SOUTH AFRICA. — I would like to see every business in South Africa doing everything possible to encourage employees and the wider public to get vaccinated. This is in our own interest as business – we will never be able to confidently get past this pandemic if we do not get vaccination rates up across the whole country.
There has obviously been much debate about vaccine mandates. Companies like Discovery have shown how powerful they can be, having now got its staff vaccination rate up to 94 percent. Other companies have followed the example, though there will be legal tests of the principles, I am sure. Organised business is working to obtain legal clarity as soon as possible.
I am also encouraged that President Cyril Ramaphosa is establishing a task team to explore the issue. There is much that government can do to make it easier to mandate vaccination. Vaccination is a public good in that high rates at a population level substantially reduce the risks of serious medical consequences from the illness, slow down transmission and reduce the probability of new variants.
But companies can do a lot to drive vaccine take-up even if they do not mandate it. Encourage and support your employees – many are hesitant not because of some deep ideological conviction but because they do not have the information to feel able to make an informed choice. Help by giving clear information on vaccines, including the growing body of international evidence on how to help countries get back to normal.
Explain where they can get vaccinated and offer them time off to do so (it is a legal requirement).
While there may well be important workplace safety grounds for employees to get vaccinated, it is also a public good and business can contribute to driving wider vaccination rates. I have been encouraged by those businesses that have tried to influence vaccine take up by the wider public, for example by offering discounts to those who are vaccinated. This is an obvious way that business can use its influence to contribute to the wider public good. I think this is clearly in line with businesses’ commitment to be socially responsible.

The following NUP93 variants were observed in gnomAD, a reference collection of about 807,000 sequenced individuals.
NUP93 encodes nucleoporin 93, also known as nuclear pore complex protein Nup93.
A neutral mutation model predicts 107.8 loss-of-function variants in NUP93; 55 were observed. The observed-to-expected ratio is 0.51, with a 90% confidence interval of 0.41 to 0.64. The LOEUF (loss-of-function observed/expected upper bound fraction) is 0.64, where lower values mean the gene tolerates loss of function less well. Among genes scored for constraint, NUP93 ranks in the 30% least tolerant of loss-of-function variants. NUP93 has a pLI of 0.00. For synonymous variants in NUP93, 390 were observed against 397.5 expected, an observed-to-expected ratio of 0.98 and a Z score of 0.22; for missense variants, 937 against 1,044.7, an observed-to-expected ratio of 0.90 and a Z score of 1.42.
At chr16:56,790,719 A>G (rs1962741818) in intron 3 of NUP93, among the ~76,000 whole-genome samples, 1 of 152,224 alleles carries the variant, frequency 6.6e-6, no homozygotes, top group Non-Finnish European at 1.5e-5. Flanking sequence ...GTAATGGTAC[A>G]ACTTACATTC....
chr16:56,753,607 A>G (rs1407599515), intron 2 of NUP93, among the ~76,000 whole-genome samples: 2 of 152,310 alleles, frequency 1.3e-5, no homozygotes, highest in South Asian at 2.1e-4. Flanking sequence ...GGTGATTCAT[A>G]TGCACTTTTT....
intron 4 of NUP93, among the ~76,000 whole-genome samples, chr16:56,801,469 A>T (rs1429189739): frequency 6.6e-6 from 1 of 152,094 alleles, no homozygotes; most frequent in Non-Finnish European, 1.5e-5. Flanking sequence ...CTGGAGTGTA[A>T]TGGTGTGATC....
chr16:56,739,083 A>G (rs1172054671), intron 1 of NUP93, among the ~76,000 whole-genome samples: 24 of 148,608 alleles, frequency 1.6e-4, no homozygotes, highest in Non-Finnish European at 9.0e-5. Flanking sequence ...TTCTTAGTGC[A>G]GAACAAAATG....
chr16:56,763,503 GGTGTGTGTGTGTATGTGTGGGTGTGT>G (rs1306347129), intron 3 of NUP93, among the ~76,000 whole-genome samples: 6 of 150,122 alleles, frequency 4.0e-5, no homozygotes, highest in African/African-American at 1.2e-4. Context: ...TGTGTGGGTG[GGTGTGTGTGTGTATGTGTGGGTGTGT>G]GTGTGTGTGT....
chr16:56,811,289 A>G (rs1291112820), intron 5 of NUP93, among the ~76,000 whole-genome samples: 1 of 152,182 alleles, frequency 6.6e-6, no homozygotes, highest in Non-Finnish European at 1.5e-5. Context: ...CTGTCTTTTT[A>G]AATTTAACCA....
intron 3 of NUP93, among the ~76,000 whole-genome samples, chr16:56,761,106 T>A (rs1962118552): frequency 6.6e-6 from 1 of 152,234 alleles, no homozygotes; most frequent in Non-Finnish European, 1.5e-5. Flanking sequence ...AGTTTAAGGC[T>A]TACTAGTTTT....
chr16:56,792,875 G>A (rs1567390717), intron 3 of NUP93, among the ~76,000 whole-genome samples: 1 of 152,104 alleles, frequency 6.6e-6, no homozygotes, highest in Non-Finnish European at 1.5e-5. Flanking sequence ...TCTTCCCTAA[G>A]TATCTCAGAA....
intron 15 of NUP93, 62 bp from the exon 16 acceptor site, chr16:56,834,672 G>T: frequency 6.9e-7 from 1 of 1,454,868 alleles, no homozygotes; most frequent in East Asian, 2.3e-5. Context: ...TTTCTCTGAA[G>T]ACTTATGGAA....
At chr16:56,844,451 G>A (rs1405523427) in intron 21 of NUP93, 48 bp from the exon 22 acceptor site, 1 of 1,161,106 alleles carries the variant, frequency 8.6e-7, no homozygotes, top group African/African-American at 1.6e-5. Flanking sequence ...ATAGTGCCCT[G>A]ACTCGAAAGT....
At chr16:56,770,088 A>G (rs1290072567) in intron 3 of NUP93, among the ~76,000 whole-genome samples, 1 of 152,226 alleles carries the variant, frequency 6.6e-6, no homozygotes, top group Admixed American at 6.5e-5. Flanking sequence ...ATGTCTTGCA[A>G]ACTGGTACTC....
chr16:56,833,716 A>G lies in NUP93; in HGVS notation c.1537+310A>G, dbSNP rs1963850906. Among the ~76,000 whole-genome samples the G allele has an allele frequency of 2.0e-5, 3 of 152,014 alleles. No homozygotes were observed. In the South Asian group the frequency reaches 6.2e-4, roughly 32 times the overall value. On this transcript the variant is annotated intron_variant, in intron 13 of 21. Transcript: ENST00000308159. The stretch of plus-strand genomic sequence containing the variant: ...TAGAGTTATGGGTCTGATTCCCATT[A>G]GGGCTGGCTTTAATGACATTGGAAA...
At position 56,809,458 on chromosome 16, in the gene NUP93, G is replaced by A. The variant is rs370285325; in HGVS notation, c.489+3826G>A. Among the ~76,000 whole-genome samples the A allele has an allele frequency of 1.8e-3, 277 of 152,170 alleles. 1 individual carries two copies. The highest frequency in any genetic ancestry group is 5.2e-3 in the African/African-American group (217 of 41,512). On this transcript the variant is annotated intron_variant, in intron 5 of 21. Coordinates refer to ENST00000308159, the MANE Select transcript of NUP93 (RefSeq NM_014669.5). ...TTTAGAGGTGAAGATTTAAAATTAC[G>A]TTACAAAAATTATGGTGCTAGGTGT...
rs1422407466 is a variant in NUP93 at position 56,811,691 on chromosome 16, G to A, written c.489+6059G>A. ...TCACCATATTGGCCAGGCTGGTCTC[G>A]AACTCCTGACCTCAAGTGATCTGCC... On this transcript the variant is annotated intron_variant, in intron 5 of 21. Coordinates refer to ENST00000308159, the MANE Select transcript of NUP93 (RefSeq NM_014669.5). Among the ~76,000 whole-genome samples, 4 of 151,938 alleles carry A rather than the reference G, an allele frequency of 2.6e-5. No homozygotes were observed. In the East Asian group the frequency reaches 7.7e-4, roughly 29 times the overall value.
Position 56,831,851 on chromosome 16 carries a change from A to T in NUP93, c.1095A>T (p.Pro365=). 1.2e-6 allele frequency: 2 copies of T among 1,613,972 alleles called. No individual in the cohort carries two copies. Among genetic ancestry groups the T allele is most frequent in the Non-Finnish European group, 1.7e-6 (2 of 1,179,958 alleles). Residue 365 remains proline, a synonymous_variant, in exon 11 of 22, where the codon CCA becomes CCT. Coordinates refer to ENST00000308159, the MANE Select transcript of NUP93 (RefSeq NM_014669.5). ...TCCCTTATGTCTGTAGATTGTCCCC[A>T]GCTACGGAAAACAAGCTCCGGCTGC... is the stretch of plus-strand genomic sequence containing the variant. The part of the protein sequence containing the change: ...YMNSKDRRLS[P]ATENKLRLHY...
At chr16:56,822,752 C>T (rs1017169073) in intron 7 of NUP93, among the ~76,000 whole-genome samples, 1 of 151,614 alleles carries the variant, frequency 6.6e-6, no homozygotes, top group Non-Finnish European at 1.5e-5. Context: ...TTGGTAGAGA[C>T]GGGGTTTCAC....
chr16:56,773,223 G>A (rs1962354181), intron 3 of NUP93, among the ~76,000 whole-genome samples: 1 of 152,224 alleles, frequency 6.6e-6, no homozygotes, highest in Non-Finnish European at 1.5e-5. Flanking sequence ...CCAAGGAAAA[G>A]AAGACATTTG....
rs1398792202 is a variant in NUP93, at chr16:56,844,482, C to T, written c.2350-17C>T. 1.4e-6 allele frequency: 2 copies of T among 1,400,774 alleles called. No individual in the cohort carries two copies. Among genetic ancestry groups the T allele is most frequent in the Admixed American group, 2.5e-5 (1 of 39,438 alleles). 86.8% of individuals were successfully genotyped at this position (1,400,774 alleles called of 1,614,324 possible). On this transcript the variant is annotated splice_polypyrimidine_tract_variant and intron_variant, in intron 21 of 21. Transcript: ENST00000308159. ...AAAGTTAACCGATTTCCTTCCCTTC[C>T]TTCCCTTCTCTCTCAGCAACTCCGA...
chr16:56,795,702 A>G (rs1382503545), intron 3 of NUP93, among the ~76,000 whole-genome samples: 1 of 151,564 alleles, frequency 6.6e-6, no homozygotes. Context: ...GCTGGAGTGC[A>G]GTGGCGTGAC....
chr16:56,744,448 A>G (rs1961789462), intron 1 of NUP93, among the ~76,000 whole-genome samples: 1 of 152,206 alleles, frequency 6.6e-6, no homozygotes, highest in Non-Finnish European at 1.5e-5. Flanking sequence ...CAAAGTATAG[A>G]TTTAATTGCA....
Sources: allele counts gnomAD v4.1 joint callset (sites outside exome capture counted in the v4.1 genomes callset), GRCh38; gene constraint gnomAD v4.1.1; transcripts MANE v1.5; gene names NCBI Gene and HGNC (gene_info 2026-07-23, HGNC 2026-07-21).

I would like to see companies publicly reporting on what they are doing to drive vaccine take up both internally and in the wider public – they should be rewarded by public recognition. Some have taken impressive measures.
For example, the DG Murray Trust is funding prizes that all those vaccinated by the end of the year will be eligible for. Uber is giving free trips to vaccination sites.
I also applaud government’s own efforts to drive vaccinations including its Vooma vouchers, currently available to over 50s who vaccinate, and its Vooma Vax Champs programme to promote awareness.
The Omicron variant has obviously been devastating. The impact on the tourism industry – which saw over R1 billion of bookings cancelled in the three days after it gained global attention — has been particularly shocking. Unemployment statistics last week served to underline just how desperate the situation is – we are still losing jobs despite most of the lockdown conditions having been lifted, with 660 000 fewer jobs in the third quarter than we had a year ago. The blow from Omicron will exacerbate this.
Initial indicators are that there has been a surge in vaccinations in the last week. That is a positive response to the news of Omicron though of course such deviations in demand create logistical challenges in distributing vaccines to where take up has been highest, although we are assured there is enough in stock. We may well though need to focus on logistics more if we sustain the vaccination rates at current high levels.
Please get in touch if you have other ideas on how organised business could help drive vaccination rates. We all have a common interest in seeing the numbers shoot upward.
Busi Mavuso is CEO Business Leadership South Africa. — Moneyweb